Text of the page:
COVID-19: New South Wales records 818 new local community cases, three deaths

New South Wales has reported 818 new local community cases of COVID-19 on Monday and three new deaths.

The Australian state's premier Gladys Berejiklian announced the new cases at a press conference on Monday afternoon.

Of the locally acquired cases, 120 are linked to a known case or cluster and 698 are still under investigation.

Health authorities confirmed 42 cases were infectious in the community, 47 were in isolation for their whole infectious period, 15 were in isolation for part of their infectious period and the isolation status of 714 cases remains under investigation.

There have now been 13,022 locally acquired cases reported in NSW since June 16, when the first case in the latest NSW outbreak was reported.  

"I want to stress that we are going through the rollercoaster ride of emotions as case numbers go up and down," Berejiklian said, The Guardian reported.

"I don't want to focus so much on the numbers going up and down. We want to see them go down, no doubt about that, and we're working so hard to make it possible, but the number we need to focus on is a vaccination rate."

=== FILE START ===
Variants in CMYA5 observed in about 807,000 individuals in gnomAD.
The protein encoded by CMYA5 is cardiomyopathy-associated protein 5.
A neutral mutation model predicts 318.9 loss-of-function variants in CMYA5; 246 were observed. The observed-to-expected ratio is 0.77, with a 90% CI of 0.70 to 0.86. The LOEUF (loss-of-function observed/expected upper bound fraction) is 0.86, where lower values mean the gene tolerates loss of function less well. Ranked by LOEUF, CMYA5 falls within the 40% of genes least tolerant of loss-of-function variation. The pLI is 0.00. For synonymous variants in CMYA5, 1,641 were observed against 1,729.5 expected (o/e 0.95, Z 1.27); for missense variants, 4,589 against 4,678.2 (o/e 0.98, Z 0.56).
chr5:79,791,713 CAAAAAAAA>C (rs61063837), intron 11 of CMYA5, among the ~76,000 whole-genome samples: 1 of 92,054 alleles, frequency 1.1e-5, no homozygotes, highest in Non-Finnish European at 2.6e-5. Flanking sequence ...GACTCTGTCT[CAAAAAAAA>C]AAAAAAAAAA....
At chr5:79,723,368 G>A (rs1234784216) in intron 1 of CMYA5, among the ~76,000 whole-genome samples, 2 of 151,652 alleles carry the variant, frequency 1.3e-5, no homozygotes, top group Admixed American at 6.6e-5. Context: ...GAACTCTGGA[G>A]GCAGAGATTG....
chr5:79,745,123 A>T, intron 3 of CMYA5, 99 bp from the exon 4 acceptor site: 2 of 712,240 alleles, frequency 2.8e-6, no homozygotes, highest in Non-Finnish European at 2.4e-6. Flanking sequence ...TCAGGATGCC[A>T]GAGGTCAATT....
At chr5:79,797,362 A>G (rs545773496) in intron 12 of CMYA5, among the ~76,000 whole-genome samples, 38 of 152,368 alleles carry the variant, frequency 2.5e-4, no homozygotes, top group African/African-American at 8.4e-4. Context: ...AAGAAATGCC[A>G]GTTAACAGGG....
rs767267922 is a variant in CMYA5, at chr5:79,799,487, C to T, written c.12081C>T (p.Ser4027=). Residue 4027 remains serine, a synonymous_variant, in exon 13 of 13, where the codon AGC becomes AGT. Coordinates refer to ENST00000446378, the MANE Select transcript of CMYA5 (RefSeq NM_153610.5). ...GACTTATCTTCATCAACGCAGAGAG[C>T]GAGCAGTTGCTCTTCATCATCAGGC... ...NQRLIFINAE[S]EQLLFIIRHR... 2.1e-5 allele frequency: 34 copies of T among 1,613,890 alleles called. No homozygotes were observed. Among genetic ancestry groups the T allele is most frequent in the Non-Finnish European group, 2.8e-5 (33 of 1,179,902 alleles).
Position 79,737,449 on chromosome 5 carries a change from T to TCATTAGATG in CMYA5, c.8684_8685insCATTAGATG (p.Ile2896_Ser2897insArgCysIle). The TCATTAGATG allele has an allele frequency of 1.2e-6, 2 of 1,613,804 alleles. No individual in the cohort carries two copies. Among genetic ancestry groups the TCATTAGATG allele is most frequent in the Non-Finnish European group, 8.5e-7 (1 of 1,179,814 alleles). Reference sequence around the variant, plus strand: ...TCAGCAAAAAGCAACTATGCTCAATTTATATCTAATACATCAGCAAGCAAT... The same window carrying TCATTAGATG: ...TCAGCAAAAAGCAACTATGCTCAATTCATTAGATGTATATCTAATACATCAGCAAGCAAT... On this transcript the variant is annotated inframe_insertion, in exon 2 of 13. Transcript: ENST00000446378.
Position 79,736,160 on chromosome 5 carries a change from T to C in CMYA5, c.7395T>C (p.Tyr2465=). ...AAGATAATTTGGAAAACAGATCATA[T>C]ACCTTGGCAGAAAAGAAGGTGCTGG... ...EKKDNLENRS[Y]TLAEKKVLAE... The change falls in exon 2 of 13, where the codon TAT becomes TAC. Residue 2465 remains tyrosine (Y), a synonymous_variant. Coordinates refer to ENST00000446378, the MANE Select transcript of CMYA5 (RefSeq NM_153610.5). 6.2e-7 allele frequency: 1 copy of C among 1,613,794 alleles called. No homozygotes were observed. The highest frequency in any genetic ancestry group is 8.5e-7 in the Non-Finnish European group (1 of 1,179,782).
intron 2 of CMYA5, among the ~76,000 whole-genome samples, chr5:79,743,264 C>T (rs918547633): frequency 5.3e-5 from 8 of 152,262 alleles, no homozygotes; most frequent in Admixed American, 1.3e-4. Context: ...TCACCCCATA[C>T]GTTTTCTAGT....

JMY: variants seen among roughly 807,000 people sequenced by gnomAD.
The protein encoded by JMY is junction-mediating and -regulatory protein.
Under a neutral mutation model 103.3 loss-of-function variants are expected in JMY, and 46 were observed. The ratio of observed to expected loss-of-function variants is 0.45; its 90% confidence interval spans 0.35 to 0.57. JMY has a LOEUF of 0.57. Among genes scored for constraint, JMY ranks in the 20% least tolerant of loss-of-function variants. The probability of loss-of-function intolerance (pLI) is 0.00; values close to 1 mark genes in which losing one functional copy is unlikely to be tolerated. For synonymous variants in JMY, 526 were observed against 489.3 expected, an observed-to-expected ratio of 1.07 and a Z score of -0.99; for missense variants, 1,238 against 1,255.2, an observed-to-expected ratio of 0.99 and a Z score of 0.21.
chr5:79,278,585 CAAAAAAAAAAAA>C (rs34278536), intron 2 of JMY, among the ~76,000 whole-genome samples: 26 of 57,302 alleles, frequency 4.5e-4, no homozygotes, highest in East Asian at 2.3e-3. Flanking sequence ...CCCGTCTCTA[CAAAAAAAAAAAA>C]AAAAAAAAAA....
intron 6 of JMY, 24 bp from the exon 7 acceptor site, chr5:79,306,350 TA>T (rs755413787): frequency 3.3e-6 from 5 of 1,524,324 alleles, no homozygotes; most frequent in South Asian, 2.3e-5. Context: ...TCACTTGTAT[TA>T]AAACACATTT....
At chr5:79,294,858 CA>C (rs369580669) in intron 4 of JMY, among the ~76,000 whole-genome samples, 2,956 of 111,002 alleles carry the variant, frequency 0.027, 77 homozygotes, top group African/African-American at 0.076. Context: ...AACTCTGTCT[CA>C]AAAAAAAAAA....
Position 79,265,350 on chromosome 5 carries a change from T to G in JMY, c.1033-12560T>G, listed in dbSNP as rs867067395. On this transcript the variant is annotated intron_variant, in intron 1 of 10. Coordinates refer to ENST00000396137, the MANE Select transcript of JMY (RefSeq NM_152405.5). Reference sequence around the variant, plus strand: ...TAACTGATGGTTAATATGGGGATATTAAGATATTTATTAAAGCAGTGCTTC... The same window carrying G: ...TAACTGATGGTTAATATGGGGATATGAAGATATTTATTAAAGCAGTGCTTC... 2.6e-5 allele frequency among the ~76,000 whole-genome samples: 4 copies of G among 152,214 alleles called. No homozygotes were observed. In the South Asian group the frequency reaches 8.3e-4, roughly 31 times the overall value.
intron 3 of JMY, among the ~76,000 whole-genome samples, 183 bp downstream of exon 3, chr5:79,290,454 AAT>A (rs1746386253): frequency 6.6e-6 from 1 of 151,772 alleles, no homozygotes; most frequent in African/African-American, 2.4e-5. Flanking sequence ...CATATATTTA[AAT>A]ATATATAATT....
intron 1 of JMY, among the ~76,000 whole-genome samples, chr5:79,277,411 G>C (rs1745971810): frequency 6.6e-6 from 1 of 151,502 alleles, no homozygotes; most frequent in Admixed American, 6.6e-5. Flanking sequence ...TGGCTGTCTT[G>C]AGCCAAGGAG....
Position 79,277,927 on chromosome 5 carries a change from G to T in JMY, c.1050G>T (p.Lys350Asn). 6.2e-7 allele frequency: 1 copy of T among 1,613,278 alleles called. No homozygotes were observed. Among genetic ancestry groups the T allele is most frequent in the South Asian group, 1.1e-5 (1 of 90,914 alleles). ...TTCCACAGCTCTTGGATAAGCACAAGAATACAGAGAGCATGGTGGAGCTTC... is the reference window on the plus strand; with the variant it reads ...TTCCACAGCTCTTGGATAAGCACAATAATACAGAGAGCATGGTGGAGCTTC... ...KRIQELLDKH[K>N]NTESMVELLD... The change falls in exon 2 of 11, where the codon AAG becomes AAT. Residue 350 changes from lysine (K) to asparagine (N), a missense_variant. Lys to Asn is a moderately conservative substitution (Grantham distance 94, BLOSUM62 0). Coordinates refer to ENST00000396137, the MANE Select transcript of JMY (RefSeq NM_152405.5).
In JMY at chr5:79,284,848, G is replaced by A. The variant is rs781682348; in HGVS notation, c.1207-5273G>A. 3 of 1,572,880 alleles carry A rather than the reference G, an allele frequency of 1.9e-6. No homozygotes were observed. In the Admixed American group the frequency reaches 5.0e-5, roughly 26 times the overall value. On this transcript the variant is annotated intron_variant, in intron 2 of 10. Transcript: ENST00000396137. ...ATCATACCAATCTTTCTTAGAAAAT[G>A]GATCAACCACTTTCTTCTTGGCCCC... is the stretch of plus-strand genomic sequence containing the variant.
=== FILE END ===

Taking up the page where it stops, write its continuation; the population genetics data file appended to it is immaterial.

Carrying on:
For those who are vaccinated, Berejiklian hinted there will be some "freedoms" which will be announced by the end of the week.

"We plan on giving advice later this week on what we can do at 6 million jabs. We have always said we will provide advice at the end of August and what is possible in September, October."

The three deaths in NSW on Monday include two men and a woman who were all in their 80s, Dr Marianne Gale from NSW Health confirmed.

There are currently 586 COVID cases admitted to hospital, 100 of which are currently in intensive care, and of them 32 have required ventilation. Of the 100 cases in ICU, 87 are not vaccinated, and the remainder have had their first dose of vaccine.

ICU specialist from the Nepean hospital Dr Huong Nguyen said health authorities are particularly worried about the increasing number of younger patients admitted to intensive care.

"They are staying in intensive care for longer, and they are needing care that cannot be provided anywhere else on the wards. There are those who are on breeding machines and on heart and lung machines.

"What is really worrying is the number of young patients who are coming in. Up to 25 percent have been less than 40 years old.

"Our nurses and doctors provide the best and compassionate care, and we need your help. We know it is difficult at the moment."

NSW has now reported 74 COVID-related deaths since June 16, and 130 since the beginning of the pandemic.